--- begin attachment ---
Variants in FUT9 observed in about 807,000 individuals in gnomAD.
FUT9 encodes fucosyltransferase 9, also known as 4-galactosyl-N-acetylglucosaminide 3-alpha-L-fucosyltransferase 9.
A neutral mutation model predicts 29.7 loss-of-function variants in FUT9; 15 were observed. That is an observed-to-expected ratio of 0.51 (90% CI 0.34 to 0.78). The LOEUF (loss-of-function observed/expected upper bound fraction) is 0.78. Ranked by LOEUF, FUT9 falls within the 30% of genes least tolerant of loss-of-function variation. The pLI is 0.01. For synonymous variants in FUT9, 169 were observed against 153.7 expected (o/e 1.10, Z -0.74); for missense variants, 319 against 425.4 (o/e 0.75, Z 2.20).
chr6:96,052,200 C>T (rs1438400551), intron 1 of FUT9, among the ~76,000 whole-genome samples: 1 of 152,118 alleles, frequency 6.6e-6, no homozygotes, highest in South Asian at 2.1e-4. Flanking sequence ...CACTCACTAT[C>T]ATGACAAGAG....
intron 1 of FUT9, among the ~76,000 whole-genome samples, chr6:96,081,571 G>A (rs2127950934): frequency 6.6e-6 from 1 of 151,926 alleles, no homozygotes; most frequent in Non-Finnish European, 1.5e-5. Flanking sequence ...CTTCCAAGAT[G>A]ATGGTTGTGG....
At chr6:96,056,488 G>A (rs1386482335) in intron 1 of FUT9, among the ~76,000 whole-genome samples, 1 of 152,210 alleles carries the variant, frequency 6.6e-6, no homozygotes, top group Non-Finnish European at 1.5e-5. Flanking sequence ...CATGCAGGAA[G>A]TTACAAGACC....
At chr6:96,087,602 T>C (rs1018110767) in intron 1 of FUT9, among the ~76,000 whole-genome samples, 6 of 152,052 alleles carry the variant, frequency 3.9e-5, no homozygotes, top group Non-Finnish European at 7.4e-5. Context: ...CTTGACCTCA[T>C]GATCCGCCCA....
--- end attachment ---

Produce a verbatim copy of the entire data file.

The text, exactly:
Variants in FUT9 observed in about 807,000 individuals in gnomAD.
FUT9 encodes fucosyltransferase 9, also known as 4-galactosyl-N-acetylglucosaminide 3-alpha-L-fucosyltransferase 9.
A neutral mutation model predicts 29.7 loss-of-function variants in FUT9; 15 were observed. That is an observed-to-expected ratio of 0.51 (90% CI 0.34 to 0.78). The LOEUF (loss-of-function observed/expected upper bound fraction) is 0.78. Ranked by LOEUF, FUT9 falls within the 30% of genes least tolerant of loss-of-function variation. The pLI is 0.01. For synonymous variants in FUT9, 169 were observed against 153.7 expected (o/e 1.10, Z -0.74); for missense variants, 319 against 425.4 (o/e 0.75, Z 2.20).
chr6:96,052,200 C>T (rs1438400551), intron 1 of FUT9, among the ~76,000 whole-genome samples: 1 of 152,118 alleles, frequency 6.6e-6, no homozygotes, highest in South Asian at 2.1e-4. Flanking sequence ...CACTCACTAT[C>T]ATGACAAGAG....
intron 1 of FUT9, among the ~76,000 whole-genome samples, chr6:96,081,571 G>A (rs2127950934): frequency 6.6e-6 from 1 of 151,926 alleles, no homozygotes; most frequent in Non-Finnish European, 1.5e-5. Flanking sequence ...CTTCCAAGAT[G>A]ATGGTTGTGG....
At chr6:96,056,488 G>A (rs1386482335) in intron 1 of FUT9, among the ~76,000 whole-genome samples, 1 of 152,210 alleles carries the variant, frequency 6.6e-6, no homozygotes, top group Non-Finnish European at 1.5e-5. Flanking sequence ...CATGCAGGAA[G>A]TTACAAGACC....
At chr6:96,087,602 T>C (rs1018110767) in intron 1 of FUT9, among the ~76,000 whole-genome samples, 6 of 152,052 alleles carry the variant, frequency 3.9e-5, no homozygotes, top group Non-Finnish European at 7.4e-5. Context: ...CTTGACCTCA[T>C]GATCCGCCCA....